Nibthwaite

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Late October and a glut of short breaks. After our weekend in the Peak District I took a couple of days off at the end of the following week for a short break in Coniston.

On our way up to the village we stopped off at Niberthwaite before driving up the narrow road along the east shore of Coniston Water. Our main reason was to have a look at this fellow

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One of Anthony Gormley’s iron men. It almost looks like one of the statues from “Another Place” on Crosby beach (which is less than 100 miles tot he south) has wandered off for a break in the Lake District. He certainly seems to be peering longingly over the water towards the fells!

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Nibthwaite is a very small, but ancient, settlement right at the south east end of Coniston Water. It’s less easily accessible than the west side of the lake. Anthony Gormley’s family regularly visited and stayed in a house in the hamlet

In the Cumbrian lakes I reconnected with the landscape that has influenced English Romanticism from the time of William Wordsworth and Samuel Taylor Coleridge onwards. A landscape that contains the same drama as Argyll, but at a far more concentrated scale where in one day, having left our cottage in the morning, it was possible to walk through bracken and woodland up onto fells and out onto Wetherlam and the Old Man of Coniston and from there be able to see out west to the sea and Morecambe Bay; a great spreading landscape of water, forest, rock and meadow. The dialectic between far horizons and the intimate zone of the body that was established in the early 1980s is most potently expressed in the series BODY AND LIGHT from the early 1990s, ten years later. (Interview with Anthony Gormley in 2010)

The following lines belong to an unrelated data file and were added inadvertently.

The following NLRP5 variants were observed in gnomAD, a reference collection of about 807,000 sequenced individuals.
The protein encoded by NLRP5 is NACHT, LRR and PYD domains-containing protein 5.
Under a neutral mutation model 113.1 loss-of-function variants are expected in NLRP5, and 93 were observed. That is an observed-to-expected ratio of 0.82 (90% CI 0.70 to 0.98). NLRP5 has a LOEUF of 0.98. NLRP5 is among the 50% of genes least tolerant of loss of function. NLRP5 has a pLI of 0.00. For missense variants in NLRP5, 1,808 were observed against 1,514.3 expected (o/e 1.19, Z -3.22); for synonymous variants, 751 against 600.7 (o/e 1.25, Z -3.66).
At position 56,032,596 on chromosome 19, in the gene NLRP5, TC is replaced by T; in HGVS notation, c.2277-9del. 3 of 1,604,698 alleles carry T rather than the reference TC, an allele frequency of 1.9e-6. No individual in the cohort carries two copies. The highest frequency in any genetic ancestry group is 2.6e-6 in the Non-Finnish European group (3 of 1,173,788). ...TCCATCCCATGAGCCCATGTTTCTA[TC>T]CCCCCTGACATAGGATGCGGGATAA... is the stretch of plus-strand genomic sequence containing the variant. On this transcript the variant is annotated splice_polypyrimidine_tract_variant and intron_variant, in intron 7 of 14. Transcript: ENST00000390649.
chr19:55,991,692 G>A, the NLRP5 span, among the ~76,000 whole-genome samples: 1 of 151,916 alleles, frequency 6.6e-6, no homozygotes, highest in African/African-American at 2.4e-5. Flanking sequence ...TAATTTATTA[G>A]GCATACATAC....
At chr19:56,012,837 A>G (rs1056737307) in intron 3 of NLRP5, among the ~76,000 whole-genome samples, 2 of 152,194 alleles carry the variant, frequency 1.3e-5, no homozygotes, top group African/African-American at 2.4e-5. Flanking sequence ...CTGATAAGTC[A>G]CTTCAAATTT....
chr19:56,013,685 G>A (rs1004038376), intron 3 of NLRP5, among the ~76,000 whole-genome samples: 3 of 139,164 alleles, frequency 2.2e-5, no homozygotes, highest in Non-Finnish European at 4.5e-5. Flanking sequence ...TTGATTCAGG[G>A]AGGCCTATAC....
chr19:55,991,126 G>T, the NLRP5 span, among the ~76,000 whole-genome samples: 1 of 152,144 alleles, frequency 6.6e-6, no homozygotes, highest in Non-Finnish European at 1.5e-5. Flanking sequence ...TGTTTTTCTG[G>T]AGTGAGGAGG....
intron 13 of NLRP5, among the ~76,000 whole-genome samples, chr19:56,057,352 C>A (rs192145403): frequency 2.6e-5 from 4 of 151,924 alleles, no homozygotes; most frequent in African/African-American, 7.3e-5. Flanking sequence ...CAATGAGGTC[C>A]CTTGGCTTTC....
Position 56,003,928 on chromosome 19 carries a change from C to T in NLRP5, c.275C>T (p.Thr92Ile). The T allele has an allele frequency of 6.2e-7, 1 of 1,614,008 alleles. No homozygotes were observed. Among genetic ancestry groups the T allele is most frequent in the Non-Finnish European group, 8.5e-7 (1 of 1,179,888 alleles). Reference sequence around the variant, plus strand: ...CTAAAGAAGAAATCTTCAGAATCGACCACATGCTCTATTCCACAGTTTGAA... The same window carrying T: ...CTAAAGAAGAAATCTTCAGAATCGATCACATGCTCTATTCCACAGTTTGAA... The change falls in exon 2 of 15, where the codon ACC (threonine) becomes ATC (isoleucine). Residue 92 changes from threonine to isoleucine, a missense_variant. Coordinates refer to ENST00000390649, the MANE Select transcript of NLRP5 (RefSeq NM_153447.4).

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Another visitor to Nibthwaite was Arthur Ransome, the author best known for his series of children’s books, Swallows and Amazons. When he was a boy,  he used to stay with on a farm here with his family

Looks like he left Swallow  behind. (We saw Amazon too, later that afternoon)

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